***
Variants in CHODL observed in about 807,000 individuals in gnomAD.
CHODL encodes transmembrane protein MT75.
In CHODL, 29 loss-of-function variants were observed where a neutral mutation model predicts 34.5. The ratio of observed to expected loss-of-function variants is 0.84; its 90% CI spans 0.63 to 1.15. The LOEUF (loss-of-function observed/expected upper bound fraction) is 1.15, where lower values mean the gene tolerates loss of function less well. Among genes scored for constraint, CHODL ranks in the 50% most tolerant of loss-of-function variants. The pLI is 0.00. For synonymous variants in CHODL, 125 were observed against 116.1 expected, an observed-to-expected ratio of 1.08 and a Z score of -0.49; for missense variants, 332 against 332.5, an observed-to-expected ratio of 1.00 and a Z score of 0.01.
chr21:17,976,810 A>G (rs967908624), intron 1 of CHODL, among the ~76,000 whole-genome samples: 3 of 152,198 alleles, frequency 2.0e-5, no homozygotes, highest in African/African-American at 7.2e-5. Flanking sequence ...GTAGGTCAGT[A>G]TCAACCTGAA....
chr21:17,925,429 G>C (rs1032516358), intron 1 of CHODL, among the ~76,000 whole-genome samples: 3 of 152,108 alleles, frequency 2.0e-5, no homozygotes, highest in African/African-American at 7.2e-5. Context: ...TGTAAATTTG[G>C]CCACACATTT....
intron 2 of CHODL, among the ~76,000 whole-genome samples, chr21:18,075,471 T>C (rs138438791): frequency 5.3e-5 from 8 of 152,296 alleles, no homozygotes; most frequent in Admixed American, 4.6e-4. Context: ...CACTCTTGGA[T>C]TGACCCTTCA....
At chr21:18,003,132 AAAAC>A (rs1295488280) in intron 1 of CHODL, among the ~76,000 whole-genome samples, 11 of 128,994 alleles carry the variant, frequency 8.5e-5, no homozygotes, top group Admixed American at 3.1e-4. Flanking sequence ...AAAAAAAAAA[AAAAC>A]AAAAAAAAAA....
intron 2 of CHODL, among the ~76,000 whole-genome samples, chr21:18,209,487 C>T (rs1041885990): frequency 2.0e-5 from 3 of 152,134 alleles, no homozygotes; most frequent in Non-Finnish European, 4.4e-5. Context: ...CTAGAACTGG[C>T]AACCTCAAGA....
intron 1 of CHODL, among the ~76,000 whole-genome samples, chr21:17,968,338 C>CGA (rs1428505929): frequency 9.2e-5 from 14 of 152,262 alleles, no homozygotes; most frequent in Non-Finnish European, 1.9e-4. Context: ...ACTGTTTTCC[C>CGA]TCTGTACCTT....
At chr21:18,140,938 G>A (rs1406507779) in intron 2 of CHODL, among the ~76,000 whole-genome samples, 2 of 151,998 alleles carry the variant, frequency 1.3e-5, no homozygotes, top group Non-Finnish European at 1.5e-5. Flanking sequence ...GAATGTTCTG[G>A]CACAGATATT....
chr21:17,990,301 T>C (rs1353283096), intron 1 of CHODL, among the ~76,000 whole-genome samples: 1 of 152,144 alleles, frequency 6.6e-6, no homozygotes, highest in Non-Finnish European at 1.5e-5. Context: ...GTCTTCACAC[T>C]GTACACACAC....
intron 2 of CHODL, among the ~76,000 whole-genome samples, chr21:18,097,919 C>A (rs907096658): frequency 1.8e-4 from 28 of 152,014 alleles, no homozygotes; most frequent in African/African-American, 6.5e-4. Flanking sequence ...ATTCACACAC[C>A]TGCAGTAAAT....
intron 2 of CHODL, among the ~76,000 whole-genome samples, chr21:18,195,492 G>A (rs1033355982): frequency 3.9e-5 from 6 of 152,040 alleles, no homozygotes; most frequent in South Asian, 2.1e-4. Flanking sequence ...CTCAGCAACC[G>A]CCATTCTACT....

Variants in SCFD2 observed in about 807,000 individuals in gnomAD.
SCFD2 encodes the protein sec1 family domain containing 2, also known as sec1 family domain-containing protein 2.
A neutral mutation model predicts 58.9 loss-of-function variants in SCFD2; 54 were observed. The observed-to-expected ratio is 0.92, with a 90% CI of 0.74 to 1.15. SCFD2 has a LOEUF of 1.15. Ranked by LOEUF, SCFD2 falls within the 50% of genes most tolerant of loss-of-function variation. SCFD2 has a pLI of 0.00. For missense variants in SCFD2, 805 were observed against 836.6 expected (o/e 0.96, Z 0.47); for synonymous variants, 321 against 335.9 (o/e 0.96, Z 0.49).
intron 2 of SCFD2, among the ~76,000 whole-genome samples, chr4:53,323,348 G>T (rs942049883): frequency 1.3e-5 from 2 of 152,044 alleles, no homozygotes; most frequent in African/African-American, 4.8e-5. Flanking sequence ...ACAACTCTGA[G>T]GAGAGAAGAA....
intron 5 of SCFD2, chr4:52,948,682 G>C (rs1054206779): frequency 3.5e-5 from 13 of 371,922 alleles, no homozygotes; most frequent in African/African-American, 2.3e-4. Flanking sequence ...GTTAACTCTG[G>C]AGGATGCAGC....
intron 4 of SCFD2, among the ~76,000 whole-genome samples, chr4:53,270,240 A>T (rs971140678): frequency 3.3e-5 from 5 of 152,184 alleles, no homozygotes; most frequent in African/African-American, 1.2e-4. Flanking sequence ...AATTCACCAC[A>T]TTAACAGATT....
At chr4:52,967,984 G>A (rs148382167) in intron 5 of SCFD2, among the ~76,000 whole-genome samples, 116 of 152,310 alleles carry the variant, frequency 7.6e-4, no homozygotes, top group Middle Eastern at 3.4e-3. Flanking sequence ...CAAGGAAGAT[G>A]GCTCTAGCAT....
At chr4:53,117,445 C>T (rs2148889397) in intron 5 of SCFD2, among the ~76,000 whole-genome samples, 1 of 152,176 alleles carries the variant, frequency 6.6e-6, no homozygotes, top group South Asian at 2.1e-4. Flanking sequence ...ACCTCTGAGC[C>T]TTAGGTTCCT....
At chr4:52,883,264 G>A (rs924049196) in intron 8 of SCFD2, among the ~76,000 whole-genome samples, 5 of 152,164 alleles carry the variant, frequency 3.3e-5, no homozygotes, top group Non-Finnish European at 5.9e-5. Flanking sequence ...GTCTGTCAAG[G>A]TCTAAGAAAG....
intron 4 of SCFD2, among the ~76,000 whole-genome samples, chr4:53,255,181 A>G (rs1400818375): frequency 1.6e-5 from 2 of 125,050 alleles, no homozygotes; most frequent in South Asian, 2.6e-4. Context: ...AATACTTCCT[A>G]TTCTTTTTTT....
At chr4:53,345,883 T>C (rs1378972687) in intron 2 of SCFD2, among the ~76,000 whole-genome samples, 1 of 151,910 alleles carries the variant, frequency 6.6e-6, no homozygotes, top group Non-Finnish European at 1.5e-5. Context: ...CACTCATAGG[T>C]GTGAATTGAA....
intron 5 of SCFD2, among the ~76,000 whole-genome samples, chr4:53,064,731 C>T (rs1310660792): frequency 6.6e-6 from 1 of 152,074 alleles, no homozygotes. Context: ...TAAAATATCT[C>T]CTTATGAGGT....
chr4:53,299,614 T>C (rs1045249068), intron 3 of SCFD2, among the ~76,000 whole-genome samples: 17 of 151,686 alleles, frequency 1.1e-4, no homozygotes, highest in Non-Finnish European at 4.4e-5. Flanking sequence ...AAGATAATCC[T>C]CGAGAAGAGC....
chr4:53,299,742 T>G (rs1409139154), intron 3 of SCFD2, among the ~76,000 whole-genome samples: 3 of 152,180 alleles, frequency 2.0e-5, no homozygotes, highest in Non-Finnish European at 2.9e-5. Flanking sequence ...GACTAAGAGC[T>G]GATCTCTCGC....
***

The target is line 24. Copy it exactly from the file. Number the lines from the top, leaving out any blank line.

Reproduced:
At chr4:53,345,883 T>C (rs1378972687) in intron 2 of SCFD2, among the ~76,000 whole-genome samples, 1 of 151,910 alleles carries the variant, frequency 6.6e-6, no homozygotes, top group Non-Finnish European at 1.5e-5. Context: ...CACTCATAGG[T>C]GTGAATTGAA....